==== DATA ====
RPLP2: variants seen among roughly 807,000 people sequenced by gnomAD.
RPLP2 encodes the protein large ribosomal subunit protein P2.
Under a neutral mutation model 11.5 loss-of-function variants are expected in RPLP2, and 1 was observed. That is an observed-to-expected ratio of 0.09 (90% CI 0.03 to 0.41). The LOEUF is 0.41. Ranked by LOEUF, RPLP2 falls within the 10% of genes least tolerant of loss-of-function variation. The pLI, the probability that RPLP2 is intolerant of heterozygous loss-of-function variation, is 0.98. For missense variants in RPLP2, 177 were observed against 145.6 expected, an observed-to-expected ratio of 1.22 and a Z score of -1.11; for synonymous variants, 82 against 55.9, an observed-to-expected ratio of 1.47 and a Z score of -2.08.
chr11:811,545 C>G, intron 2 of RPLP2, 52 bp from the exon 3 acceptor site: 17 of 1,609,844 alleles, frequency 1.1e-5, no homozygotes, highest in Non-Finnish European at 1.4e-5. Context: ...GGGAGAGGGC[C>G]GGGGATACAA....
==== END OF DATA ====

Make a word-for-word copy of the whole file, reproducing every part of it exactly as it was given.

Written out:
RPLP2: variants seen among roughly 807,000 people sequenced by gnomAD.
RPLP2 encodes the protein large ribosomal subunit protein P2.
Under a neutral mutation model 11.5 loss-of-function variants are expected in RPLP2, and 1 was observed. That is an observed-to-expected ratio of 0.09 (90% CI 0.03 to 0.41). The LOEUF is 0.41. Ranked by LOEUF, RPLP2 falls within the 10% of genes least tolerant of loss-of-function variation. The pLI, the probability that RPLP2 is intolerant of heterozygous loss-of-function variation, is 0.98. For missense variants in RPLP2, 177 were observed against 145.6 expected, an observed-to-expected ratio of 1.22 and a Z score of -1.11; for synonymous variants, 82 against 55.9, an observed-to-expected ratio of 1.47 and a Z score of -2.08.
chr11:811,545 C>G, intron 2 of RPLP2, 52 bp from the exon 3 acceptor site: 17 of 1,609,844 alleles, frequency 1.1e-5, no homozygotes, highest in Non-Finnish European at 1.4e-5. Context: ...GGGAGAGGGC[C>G]GGGGATACAA....